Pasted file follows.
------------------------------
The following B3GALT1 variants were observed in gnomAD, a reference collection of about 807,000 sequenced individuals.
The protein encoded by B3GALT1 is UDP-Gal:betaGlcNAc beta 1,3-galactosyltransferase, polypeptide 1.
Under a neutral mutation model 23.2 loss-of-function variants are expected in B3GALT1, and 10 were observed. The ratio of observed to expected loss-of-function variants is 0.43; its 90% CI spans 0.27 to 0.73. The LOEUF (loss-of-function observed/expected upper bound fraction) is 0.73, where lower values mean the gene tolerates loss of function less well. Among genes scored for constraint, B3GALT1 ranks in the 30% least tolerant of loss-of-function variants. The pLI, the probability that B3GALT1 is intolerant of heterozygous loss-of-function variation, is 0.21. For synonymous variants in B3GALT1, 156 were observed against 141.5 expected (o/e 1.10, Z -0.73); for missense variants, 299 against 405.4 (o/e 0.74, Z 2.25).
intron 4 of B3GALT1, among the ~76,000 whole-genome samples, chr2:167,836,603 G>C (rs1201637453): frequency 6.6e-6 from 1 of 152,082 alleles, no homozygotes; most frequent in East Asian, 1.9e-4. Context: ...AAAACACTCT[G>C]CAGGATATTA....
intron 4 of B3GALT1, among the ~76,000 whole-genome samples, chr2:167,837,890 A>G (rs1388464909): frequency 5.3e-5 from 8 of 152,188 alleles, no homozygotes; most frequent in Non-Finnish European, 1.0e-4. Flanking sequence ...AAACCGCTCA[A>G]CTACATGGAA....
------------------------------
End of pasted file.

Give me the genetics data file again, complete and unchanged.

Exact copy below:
The following B3GALT1 variants were observed in gnomAD, a reference collection of about 807,000 sequenced individuals.
The protein encoded by B3GALT1 is UDP-Gal:betaGlcNAc beta 1,3-galactosyltransferase, polypeptide 1.
Under a neutral mutation model 23.2 loss-of-function variants are expected in B3GALT1, and 10 were observed. The ratio of observed to expected loss-of-function variants is 0.43; its 90% CI spans 0.27 to 0.73. The LOEUF (loss-of-function observed/expected upper bound fraction) is 0.73, where lower values mean the gene tolerates loss of function less well. Among genes scored for constraint, B3GALT1 ranks in the 30% least tolerant of loss-of-function variants. The pLI, the probability that B3GALT1 is intolerant of heterozygous loss-of-function variation, is 0.21. For synonymous variants in B3GALT1, 156 were observed against 141.5 expected (o/e 1.10, Z -0.73); for missense variants, 299 against 405.4 (o/e 0.74, Z 2.25).
intron 4 of B3GALT1, among the ~76,000 whole-genome samples, chr2:167,836,603 G>C (rs1201637453): frequency 6.6e-6 from 1 of 152,082 alleles, no homozygotes; most frequent in East Asian, 1.9e-4. Context: ...AAAACACTCT[G>C]CAGGATATTA....
intron 4 of B3GALT1, among the ~76,000 whole-genome samples, chr2:167,837,890 A>G (rs1388464909): frequency 5.3e-5 from 8 of 152,188 alleles, no homozygotes; most frequent in Non-Finnish European, 1.0e-4. Flanking sequence ...AAACCGCTCA[A>G]CTACATGGAA....